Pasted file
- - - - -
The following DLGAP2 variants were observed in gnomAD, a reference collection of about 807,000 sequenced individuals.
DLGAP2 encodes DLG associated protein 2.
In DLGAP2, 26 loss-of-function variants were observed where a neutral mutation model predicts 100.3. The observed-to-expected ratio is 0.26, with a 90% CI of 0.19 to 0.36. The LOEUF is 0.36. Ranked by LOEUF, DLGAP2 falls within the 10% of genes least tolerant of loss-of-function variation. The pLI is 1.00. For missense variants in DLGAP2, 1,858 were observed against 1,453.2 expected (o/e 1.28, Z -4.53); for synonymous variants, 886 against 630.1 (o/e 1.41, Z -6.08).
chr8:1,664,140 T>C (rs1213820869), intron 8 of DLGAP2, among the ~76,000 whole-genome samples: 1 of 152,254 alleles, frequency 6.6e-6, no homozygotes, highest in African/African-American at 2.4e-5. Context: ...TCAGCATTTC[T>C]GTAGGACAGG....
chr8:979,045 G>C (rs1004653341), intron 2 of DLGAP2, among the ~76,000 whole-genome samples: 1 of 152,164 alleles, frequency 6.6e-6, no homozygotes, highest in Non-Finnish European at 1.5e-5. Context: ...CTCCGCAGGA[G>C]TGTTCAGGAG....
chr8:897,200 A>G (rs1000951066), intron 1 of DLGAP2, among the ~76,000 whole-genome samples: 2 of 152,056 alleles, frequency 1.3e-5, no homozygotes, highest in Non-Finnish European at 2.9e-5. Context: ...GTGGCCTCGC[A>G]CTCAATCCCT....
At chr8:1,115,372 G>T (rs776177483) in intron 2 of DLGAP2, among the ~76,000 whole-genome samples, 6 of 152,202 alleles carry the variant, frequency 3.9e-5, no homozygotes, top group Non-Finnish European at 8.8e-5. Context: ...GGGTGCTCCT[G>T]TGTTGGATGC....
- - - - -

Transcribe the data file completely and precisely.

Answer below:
The following DLGAP2 variants were observed in gnomAD, a reference collection of about 807,000 sequenced individuals.
DLGAP2 encodes DLG associated protein 2.
In DLGAP2, 26 loss-of-function variants were observed where a neutral mutation model predicts 100.3. The observed-to-expected ratio is 0.26, with a 90% CI of 0.19 to 0.36. The LOEUF is 0.36. Ranked by LOEUF, DLGAP2 falls within the 10% of genes least tolerant of loss-of-function variation. The pLI is 1.00. For missense variants in DLGAP2, 1,858 were observed against 1,453.2 expected (o/e 1.28, Z -4.53); for synonymous variants, 886 against 630.1 (o/e 1.41, Z -6.08).
chr8:1,664,140 T>C (rs1213820869), intron 8 of DLGAP2, among the ~76,000 whole-genome samples: 1 of 152,254 alleles, frequency 6.6e-6, no homozygotes, highest in African/African-American at 2.4e-5. Context: ...TCAGCATTTC[T>C]GTAGGACAGG....
chr8:979,045 G>C (rs1004653341), intron 2 of DLGAP2, among the ~76,000 whole-genome samples: 1 of 152,164 alleles, frequency 6.6e-6, no homozygotes, highest in Non-Finnish European at 1.5e-5. Context: ...CTCCGCAGGA[G>C]TGTTCAGGAG....
chr8:897,200 A>G (rs1000951066), intron 1 of DLGAP2, among the ~76,000 whole-genome samples: 2 of 152,056 alleles, frequency 1.3e-5, no homozygotes, highest in Non-Finnish European at 2.9e-5. Context: ...GTGGCCTCGC[A>G]CTCAATCCCT....
At chr8:1,115,372 G>T (rs776177483) in intron 2 of DLGAP2, among the ~76,000 whole-genome samples, 6 of 152,202 alleles carry the variant, frequency 3.9e-5, no homozygotes, top group Non-Finnish European at 8.8e-5. Context: ...GGGTGCTCCT[G>T]TGTTGGATGC....